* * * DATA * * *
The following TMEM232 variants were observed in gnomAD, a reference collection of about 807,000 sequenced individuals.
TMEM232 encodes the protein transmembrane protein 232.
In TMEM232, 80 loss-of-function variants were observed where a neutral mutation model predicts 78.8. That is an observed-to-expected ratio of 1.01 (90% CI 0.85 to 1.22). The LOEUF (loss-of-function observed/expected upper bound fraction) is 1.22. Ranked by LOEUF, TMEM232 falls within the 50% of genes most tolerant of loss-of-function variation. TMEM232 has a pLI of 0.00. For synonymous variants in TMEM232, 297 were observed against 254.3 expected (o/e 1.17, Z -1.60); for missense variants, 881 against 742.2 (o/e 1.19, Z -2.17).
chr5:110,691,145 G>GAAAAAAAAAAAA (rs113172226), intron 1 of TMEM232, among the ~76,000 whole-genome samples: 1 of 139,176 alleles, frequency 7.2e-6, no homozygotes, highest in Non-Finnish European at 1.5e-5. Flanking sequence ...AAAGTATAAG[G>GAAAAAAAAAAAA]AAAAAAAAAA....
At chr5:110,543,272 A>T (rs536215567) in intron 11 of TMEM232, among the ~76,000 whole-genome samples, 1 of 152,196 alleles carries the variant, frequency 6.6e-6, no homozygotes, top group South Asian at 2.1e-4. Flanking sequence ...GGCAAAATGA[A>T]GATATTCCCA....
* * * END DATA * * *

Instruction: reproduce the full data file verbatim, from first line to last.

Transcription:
The following TMEM232 variants were observed in gnomAD, a reference collection of about 807,000 sequenced individuals.
TMEM232 encodes the protein transmembrane protein 232.
In TMEM232, 80 loss-of-function variants were observed where a neutral mutation model predicts 78.8. That is an observed-to-expected ratio of 1.01 (90% CI 0.85 to 1.22). The LOEUF (loss-of-function observed/expected upper bound fraction) is 1.22. Ranked by LOEUF, TMEM232 falls within the 50% of genes most tolerant of loss-of-function variation. TMEM232 has a pLI of 0.00. For synonymous variants in TMEM232, 297 were observed against 254.3 expected (o/e 1.17, Z -1.60); for missense variants, 881 against 742.2 (o/e 1.19, Z -2.17).
chr5:110,691,145 G>GAAAAAAAAAAAA (rs113172226), intron 1 of TMEM232, among the ~76,000 whole-genome samples: 1 of 139,176 alleles, frequency 7.2e-6, no homozygotes, highest in Non-Finnish European at 1.5e-5. Flanking sequence ...AAAGTATAAG[G>GAAAAAAAAAAAA]AAAAAAAAAA....
At chr5:110,543,272 A>T (rs536215567) in intron 11 of TMEM232, among the ~76,000 whole-genome samples, 1 of 152,196 alleles carries the variant, frequency 6.6e-6, no homozygotes, top group South Asian at 2.1e-4. Flanking sequence ...GGCAAAATGA[A>T]GATATTCCCA....